BBC boss George Entwistle is to be quizzed about the Corporation's handling of the Jimmy Savile sex abuse scandal by a committee of MPs.
The Director-General faces the Culture, Media and Sport Select Committee a day after Newsnight editor Peter Rippon stepped aside after the BBC said his explanation of why the show dropped its investigation into Savile was "inaccurate or incomplete".
The committee is expected to quiz Mr Entwistle, who took up his post last month, about the two reviews into the case set up by the BBC, the Corporation's vetting procedures at the time it employed the late DJ and its existing policies on sexual harassment.
Mr Rippon has handed over control of the flagship current affairs show while the inquiry headed by Nick Pollard, the former head of Sky News, into how the BBC handled the scandal is carried out.
Earlier this month, he defended his decision to axe the report in a BBC blog but on Monday the Corporation issued a correction. He originally said there was no evidence staff at the Duncroft approved school could have known about allegations Savile abused children, but the BBC said: "In fact some allegations were made (mostly in general terms) that some of the Duncroft staff knew or may have known about the abuse."
Mr Rippon also said the women who spoke to Newsnight journalists had already spoken to police, but the BBC now says that is untrue and Newsnight actually uncovered new evidence about Savile's alleged crimes. The corrected blogpost also said that while no allegations were made, BBC staff "were aware" of Savile's behaviour, and Newsnight did hear allegations of "abusive conduct on BBC premises".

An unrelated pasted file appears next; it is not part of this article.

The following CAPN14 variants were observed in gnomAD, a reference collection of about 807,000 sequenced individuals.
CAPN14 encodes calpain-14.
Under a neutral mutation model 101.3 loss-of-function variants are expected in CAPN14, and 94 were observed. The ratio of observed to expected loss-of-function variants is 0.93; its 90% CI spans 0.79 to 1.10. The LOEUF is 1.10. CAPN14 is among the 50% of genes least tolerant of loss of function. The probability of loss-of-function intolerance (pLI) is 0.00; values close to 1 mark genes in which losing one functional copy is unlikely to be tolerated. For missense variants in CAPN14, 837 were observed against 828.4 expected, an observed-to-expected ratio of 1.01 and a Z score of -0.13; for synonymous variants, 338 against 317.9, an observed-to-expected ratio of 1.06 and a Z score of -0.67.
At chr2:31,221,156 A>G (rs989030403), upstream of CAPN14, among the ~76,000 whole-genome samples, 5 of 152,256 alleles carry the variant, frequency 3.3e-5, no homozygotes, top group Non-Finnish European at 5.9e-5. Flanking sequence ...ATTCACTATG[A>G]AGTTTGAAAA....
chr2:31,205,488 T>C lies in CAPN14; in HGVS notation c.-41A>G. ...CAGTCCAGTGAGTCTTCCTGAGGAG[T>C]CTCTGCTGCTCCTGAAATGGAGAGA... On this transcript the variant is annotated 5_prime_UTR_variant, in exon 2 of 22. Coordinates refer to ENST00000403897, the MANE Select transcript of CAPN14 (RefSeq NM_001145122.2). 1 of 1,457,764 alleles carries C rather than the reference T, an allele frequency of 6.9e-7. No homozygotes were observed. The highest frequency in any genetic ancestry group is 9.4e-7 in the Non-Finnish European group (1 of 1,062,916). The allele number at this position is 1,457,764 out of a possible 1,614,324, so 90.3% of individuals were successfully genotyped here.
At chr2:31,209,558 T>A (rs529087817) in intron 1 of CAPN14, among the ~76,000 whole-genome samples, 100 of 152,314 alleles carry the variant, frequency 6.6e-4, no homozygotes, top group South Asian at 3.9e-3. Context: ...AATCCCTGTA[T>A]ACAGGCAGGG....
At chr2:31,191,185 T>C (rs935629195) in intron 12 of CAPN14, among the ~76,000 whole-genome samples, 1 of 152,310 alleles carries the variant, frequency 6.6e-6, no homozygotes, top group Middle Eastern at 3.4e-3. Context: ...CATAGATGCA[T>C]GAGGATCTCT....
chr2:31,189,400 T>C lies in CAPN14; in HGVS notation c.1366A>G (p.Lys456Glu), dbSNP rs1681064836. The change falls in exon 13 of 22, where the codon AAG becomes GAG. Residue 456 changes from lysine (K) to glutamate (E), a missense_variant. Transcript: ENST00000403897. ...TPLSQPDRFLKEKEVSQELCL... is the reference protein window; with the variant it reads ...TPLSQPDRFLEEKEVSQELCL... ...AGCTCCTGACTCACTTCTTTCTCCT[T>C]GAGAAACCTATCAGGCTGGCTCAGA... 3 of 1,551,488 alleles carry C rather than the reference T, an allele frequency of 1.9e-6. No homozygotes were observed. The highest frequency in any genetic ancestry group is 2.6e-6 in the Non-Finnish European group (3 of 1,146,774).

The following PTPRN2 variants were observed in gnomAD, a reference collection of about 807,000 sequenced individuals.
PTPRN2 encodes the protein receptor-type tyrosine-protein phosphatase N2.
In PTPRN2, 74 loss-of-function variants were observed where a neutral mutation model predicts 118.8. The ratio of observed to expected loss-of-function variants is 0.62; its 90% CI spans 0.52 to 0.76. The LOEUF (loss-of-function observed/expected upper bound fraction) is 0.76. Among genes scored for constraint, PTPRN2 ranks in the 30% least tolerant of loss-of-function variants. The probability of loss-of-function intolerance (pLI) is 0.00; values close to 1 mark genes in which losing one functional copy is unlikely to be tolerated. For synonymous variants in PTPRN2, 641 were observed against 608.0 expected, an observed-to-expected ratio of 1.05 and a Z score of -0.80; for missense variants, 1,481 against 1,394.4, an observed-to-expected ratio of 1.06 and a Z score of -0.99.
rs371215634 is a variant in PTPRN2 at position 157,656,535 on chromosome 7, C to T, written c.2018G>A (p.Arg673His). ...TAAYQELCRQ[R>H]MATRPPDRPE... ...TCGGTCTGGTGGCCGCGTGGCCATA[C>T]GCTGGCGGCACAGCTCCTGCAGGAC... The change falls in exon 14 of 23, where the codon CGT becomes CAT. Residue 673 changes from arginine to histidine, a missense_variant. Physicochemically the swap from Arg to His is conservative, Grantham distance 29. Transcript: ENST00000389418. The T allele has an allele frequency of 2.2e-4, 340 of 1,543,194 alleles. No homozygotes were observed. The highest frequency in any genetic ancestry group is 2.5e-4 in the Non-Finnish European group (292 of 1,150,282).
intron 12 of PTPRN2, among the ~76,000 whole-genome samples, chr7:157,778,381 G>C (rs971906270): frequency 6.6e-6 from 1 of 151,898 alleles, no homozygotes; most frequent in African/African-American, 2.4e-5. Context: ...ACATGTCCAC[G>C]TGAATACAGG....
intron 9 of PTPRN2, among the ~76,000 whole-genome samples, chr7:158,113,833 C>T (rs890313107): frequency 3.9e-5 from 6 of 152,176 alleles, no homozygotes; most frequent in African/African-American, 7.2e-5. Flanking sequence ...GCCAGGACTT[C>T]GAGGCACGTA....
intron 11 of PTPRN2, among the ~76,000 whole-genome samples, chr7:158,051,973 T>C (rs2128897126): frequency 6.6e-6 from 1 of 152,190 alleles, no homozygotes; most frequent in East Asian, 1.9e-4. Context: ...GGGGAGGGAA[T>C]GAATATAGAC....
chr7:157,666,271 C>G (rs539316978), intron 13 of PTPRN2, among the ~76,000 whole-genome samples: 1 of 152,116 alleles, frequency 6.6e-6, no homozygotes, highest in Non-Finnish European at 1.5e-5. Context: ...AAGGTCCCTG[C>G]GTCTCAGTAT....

A BBC spokesman said: "On the basis of material now available, it is apparent from information supplied by the Newsnight editor and programme team that the explanation by the editor in his blog of his decision to drop the programme's investigation is inaccurate or incomplete in some respects."
It comes after excerpts from Monday night's edition of Panorama highlighted the different explanations given by BBC bosses about the nature of the documentary and why it was dropped.
In the aftermath, Mr Entwistle wrote to all staff saying the Newsnight investigation was into "Surrey Police's inquiry into Jimmy Savile towards the end of 2011".
Mr Entwistle will also face questions about a reported conversation he had with BBC director of news Helen Boaden, who told him - in his then role as director of vision - about the Newsnight investigation and its possible impact on planned tributes to Savile during an awards lunch on December 2. She told him if the Newsnight investigation went ahead, he might have to change the Christmas schedules.